Pennsylvania Agrees to Remove Names of Dead Citizens From Voter Rolls: Settlement
The lawsuit, (pdf) which was filed by the Public Interest Legal Foundation in November 2020, alleged that some 21,000 registrants who had died were still on the state’s voter rolls at the time of the 2020 presidential election. Pennsylvania agreed to compare its voter-registration database with the Social Security Death Index, and then direct all county election commissions to remove the names of dead registrants.
“This marks an important victory for the integrity of elections in Pennsylvania,” Public Interest Legal Foundation President and General Counsel J. Christian Adams said in a statement in announcing the court’s decision. “The Commonwealth’s failure to remove deceased registrants created a vast opportunity for voter fraud and abuse. It is important to not have dead voters active on the rolls for 5, 10, or even 20 years. This settlement fixes that.”
The lawsuit was filed after the Nov. 3 election and when then-candidate Joe Biden took a lead over President Donald Trump in Pennsylvania. Ultimately, the Pennsylvania Secretary of Commonwealth’s office certified the election.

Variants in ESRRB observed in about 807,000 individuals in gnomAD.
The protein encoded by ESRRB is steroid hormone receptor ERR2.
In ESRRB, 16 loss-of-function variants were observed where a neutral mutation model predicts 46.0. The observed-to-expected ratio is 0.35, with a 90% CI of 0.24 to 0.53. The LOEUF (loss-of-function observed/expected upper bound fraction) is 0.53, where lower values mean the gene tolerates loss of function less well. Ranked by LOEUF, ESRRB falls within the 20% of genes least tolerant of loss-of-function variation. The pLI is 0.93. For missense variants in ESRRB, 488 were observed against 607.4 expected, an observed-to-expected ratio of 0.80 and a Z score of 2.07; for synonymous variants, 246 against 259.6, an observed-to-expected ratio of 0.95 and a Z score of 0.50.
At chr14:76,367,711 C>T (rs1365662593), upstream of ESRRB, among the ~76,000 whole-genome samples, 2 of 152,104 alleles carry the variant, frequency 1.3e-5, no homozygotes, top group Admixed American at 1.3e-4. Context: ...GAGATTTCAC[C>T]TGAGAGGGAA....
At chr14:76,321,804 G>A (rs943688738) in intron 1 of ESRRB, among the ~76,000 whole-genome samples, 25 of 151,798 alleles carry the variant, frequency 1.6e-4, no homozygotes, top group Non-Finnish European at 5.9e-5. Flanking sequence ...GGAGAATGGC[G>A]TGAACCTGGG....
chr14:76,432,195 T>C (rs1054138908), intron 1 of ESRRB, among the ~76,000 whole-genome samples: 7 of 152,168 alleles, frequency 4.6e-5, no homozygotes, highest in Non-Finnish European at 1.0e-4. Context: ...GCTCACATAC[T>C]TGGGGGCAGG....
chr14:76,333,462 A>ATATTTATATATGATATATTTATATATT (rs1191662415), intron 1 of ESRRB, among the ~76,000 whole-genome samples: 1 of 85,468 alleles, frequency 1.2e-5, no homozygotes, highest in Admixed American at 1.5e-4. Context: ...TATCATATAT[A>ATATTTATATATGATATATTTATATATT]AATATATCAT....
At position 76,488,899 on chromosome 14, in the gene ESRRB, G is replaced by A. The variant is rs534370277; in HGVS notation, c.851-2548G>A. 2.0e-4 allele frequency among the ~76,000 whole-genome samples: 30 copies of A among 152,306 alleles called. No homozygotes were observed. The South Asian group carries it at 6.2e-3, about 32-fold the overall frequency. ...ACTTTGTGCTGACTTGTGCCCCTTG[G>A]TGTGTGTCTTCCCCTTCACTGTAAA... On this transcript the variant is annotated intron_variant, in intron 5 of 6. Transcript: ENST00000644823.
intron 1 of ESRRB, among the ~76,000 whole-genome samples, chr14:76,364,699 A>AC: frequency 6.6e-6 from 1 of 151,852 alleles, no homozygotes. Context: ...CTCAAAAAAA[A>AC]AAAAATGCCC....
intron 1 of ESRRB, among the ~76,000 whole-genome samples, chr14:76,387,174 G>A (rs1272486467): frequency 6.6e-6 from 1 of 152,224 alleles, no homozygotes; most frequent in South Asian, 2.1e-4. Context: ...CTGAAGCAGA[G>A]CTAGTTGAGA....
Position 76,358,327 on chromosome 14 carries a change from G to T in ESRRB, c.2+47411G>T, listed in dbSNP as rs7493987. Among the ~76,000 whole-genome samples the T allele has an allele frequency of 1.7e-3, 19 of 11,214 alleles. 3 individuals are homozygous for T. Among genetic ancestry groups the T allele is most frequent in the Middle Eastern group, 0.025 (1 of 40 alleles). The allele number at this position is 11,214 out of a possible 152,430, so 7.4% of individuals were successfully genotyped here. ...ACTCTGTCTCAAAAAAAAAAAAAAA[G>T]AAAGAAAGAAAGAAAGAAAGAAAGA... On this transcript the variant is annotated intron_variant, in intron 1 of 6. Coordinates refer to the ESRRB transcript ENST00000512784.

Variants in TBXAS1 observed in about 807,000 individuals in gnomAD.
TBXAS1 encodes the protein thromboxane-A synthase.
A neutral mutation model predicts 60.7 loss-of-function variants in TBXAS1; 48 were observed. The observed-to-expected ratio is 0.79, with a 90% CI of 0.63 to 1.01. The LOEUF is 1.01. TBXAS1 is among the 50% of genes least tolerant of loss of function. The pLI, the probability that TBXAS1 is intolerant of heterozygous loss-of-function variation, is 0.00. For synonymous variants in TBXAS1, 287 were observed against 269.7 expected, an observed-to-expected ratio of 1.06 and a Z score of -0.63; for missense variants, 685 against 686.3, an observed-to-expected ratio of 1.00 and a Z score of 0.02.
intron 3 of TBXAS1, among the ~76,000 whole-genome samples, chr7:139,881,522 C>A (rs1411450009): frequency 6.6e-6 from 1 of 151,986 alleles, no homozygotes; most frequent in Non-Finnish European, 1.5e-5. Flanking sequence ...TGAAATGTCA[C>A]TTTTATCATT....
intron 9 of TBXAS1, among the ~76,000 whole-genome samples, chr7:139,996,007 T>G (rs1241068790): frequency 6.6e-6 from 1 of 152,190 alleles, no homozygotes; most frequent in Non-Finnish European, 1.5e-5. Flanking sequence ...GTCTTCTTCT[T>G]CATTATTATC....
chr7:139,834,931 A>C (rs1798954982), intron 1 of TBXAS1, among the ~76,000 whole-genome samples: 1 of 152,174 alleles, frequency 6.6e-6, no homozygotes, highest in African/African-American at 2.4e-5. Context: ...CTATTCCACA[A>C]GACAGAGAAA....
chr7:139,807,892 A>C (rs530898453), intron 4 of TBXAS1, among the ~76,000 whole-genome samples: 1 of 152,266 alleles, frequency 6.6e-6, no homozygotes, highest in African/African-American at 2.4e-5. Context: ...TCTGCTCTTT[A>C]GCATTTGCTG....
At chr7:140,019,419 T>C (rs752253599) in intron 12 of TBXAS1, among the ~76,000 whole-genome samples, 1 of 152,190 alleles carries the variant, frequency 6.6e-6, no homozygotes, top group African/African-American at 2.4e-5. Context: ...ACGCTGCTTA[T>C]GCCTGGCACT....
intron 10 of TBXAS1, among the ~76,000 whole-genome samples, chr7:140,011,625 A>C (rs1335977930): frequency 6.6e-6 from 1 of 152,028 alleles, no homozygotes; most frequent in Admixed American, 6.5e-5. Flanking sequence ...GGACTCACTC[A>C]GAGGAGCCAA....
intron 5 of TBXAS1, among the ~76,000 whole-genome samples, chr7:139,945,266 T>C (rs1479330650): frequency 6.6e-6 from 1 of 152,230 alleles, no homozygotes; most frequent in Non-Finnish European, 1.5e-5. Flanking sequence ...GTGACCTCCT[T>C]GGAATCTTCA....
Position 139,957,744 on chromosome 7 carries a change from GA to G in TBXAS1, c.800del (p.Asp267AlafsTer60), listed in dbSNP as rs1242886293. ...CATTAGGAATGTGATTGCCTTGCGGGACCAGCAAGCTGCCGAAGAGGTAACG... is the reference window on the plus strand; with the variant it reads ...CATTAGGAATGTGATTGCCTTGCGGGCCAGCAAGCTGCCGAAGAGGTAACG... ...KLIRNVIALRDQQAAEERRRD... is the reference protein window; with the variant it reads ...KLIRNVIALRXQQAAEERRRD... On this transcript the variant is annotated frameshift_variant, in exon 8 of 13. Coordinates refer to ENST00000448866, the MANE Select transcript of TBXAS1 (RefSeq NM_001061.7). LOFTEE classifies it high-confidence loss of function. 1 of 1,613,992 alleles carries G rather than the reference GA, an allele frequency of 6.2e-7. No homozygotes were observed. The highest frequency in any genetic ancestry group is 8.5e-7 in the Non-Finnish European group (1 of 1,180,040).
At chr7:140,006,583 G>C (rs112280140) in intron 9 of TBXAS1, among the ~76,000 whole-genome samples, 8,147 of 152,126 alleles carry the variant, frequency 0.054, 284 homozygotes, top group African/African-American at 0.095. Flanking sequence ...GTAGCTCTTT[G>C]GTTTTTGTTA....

The foundation said it found that 9,212 of the 21,000 voters had been dead for more than five years, and nearly 2,000 voters had been dead for more than 10 years.
The settlement stipulates that the “Department of State shall transmit to each county commission the names of the individuals registered in each respective county identified as deceased as a result of the comparison undertaken” with the “death data set received” from Electronic Registration Information Center that was then “compared to the full voter registration database … for the purpose of identifying persons who are ineligible to vote by reason of the registrant’s death.”
In response, the Pennsylvania Department of State, which didn’t agree in the settlement with the number of dead voters alleged, said the agreement to remove the voters “includes no finding of inadequacy on the part of Pennsylvania and its counties,” according to the Washington Times. Officials didn’t immediately respond to a request by The Epoch Times for comment.
“The Department of State is pleased that this agreement will offer Pennsylvania’s county boards of election another valuable tool to maintain the most accurate and up-to-date voter rolls possible,” the department added in a statement.
The Department of State also agreed to pay $7,500 to the foundation to partially cover attorneys fees and other related costs.
The case was originally filed in the United States District Court for the Middle District of Pennsylvania with the case number No. 1:20-cv-01905.